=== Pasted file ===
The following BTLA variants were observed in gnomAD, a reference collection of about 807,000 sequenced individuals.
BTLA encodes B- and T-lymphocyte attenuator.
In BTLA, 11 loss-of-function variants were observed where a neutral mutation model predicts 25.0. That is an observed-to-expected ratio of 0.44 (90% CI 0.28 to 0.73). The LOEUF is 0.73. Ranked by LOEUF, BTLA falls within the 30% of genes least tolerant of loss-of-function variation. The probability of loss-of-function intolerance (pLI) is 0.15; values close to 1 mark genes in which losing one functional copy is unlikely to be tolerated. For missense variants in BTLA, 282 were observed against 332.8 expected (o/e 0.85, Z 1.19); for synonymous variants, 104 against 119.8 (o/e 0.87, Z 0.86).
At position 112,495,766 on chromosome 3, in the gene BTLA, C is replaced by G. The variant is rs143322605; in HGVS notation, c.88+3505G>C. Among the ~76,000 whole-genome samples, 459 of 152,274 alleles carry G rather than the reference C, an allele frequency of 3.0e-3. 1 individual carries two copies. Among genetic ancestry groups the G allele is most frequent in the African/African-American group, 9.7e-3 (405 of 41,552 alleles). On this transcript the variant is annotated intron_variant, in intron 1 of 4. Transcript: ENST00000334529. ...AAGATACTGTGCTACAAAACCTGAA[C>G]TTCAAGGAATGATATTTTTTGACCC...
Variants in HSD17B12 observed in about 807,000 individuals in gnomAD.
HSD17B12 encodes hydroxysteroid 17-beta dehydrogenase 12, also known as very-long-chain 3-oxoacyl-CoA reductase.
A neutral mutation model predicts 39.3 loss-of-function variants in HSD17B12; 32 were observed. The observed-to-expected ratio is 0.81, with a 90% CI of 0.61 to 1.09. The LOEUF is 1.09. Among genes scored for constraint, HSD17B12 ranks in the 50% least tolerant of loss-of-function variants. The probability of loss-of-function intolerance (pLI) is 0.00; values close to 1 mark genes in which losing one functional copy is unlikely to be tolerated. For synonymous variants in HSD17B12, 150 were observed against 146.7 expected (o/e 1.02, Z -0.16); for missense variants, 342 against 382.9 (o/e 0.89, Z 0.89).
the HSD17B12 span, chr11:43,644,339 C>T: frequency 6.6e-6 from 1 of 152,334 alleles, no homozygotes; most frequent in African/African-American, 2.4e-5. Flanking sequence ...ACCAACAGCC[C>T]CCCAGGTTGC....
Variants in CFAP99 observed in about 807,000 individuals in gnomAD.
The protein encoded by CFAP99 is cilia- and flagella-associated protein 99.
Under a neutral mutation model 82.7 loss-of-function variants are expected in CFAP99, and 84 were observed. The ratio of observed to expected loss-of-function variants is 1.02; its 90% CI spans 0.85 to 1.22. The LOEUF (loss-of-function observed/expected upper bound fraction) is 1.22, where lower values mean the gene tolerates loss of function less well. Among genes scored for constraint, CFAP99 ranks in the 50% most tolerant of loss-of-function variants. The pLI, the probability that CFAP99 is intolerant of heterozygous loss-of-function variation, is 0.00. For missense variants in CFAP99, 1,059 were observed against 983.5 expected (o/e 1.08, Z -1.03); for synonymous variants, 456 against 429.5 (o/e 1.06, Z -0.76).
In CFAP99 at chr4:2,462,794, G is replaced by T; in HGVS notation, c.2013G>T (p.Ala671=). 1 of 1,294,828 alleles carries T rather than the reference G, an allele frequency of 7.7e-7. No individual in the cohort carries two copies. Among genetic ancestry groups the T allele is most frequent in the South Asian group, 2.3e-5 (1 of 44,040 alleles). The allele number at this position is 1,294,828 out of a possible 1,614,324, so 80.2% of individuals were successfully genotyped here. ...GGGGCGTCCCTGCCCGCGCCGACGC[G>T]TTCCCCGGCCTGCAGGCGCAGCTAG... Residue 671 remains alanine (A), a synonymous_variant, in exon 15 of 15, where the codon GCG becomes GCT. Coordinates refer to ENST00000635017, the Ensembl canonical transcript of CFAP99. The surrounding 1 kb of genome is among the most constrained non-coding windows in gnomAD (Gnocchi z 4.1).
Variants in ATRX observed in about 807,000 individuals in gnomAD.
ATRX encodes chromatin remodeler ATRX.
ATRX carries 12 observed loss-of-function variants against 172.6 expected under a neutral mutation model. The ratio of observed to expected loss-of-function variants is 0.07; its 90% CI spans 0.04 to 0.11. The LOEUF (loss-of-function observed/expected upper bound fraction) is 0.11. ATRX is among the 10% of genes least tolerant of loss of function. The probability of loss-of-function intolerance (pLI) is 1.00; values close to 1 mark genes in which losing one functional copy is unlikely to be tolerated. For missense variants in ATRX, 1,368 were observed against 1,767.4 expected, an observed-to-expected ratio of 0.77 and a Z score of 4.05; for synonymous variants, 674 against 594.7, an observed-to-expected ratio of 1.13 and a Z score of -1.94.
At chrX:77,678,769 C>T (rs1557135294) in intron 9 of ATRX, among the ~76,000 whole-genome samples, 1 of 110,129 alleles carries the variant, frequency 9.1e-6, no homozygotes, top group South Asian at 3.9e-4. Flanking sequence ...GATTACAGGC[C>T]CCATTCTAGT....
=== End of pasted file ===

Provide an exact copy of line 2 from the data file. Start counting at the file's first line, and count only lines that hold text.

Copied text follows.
BTLA encodes B- and T-lymphocyte attenuator.